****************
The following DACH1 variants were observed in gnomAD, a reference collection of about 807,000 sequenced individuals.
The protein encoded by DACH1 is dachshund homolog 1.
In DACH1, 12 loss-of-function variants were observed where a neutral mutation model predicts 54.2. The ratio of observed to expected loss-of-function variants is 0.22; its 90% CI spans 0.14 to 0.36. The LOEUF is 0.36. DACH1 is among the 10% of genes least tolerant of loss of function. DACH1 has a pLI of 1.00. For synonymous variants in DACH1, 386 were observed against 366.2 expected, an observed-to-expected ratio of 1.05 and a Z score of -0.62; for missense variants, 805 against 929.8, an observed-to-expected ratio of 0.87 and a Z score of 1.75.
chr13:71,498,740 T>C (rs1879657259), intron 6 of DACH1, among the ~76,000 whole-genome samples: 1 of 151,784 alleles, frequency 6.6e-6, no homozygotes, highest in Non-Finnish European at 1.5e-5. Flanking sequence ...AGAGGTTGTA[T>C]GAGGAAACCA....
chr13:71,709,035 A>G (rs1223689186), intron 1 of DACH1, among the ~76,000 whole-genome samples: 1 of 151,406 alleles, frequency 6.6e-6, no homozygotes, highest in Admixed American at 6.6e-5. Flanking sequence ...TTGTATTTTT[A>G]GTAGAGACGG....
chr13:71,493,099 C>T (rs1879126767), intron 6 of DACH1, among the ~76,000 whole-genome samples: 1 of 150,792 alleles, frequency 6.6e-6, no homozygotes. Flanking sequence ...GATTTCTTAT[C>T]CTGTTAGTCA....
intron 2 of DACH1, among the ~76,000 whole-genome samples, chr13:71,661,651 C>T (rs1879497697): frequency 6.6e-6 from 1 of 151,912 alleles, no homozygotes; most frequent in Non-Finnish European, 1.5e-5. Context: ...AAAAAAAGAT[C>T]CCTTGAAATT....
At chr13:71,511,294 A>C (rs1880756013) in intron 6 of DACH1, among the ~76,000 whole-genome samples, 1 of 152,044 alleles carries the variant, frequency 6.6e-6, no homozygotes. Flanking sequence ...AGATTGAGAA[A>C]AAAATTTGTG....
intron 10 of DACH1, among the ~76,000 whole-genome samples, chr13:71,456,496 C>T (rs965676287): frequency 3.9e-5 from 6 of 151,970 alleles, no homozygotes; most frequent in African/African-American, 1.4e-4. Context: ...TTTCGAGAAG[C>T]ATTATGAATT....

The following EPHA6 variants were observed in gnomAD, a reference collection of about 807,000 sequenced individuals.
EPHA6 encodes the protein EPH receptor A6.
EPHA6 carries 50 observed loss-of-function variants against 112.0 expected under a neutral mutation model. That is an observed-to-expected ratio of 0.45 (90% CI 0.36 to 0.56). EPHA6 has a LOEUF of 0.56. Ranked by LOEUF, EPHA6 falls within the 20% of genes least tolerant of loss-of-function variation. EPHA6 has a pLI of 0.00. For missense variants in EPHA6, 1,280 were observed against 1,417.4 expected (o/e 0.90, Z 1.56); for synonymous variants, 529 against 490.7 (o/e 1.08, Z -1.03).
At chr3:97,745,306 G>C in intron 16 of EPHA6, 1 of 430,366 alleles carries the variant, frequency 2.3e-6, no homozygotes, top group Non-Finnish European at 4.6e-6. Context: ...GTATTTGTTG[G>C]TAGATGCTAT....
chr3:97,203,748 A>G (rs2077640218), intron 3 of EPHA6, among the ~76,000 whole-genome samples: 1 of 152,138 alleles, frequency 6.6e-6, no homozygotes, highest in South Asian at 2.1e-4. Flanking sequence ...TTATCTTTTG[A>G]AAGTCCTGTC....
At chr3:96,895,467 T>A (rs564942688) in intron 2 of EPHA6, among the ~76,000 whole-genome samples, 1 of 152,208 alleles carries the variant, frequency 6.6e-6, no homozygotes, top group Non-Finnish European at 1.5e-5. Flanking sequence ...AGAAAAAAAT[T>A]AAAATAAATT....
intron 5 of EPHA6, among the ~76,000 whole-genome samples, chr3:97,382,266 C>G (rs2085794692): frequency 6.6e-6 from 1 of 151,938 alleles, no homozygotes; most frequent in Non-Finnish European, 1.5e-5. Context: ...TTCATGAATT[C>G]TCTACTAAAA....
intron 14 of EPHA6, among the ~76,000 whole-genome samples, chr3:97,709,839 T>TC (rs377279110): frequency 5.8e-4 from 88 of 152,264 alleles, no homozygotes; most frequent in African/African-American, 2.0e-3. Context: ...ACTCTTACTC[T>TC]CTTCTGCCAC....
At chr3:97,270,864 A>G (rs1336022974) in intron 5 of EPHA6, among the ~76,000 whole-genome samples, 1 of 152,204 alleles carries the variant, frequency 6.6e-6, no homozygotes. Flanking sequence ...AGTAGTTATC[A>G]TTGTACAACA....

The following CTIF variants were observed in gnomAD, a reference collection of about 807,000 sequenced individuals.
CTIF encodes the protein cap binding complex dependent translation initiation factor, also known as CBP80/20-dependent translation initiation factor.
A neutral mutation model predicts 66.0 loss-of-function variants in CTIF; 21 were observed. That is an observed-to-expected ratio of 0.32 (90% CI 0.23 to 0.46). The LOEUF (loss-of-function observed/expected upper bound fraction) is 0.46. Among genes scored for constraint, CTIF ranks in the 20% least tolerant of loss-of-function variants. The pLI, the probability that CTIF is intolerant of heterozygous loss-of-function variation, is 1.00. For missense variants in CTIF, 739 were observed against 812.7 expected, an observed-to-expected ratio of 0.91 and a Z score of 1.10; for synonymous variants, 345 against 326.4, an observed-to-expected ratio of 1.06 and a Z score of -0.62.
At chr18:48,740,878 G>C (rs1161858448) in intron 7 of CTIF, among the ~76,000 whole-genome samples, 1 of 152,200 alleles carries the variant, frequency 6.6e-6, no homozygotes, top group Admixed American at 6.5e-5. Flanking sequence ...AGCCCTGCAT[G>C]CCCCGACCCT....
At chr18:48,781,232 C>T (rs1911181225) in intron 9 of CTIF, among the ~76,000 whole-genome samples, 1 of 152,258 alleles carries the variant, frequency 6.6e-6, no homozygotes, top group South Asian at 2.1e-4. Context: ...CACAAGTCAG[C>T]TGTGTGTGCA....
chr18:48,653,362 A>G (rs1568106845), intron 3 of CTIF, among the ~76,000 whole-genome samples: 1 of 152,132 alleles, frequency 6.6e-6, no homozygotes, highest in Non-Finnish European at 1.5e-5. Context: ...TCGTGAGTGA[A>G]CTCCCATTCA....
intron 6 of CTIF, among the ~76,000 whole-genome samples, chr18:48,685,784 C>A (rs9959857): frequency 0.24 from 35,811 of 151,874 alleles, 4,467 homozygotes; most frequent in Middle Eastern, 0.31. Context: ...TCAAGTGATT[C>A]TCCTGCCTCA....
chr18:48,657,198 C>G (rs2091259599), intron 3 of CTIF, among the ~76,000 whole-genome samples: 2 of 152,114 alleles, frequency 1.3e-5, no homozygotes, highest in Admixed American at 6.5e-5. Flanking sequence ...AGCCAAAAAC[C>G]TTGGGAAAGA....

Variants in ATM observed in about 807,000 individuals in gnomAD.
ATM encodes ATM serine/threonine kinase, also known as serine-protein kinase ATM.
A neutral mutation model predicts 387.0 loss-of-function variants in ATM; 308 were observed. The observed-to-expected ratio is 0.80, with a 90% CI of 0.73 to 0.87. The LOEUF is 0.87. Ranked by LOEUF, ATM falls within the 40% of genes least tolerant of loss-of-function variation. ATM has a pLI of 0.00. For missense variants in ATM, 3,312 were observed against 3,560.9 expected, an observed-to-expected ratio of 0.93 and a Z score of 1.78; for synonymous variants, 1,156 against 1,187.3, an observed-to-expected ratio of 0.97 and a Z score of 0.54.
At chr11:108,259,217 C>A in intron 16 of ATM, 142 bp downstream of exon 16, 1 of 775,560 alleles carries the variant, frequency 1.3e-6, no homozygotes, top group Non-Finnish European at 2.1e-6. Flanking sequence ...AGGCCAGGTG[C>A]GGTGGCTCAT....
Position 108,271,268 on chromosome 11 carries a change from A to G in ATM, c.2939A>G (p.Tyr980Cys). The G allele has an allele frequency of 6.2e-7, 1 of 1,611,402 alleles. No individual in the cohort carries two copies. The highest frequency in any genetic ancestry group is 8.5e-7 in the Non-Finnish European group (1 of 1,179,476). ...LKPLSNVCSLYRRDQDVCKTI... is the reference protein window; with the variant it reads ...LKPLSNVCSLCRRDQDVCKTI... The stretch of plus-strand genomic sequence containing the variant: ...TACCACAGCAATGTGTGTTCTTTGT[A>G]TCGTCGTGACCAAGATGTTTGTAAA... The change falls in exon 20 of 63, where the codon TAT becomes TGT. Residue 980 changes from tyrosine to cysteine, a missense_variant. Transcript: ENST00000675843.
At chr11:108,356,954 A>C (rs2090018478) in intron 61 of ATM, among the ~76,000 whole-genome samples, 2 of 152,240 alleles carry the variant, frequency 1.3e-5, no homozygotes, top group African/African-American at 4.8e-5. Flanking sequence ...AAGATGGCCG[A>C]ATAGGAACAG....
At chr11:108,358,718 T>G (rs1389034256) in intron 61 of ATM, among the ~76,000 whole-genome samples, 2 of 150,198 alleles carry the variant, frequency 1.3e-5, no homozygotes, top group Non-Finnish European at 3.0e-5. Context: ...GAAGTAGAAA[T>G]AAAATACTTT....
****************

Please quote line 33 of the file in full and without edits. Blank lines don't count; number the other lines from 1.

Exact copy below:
At chr11:108,358,718 T>G (rs1389034256) in intron 61 of ATM, among the ~76,000 whole-genome samples, 2 of 150,198 alleles carry the variant, frequency 1.3e-5, no homozygotes, top group Non-Finnish European at 3.0e-5. Context: ...GAAGTAGAAA[T>G]AAAATACTTT....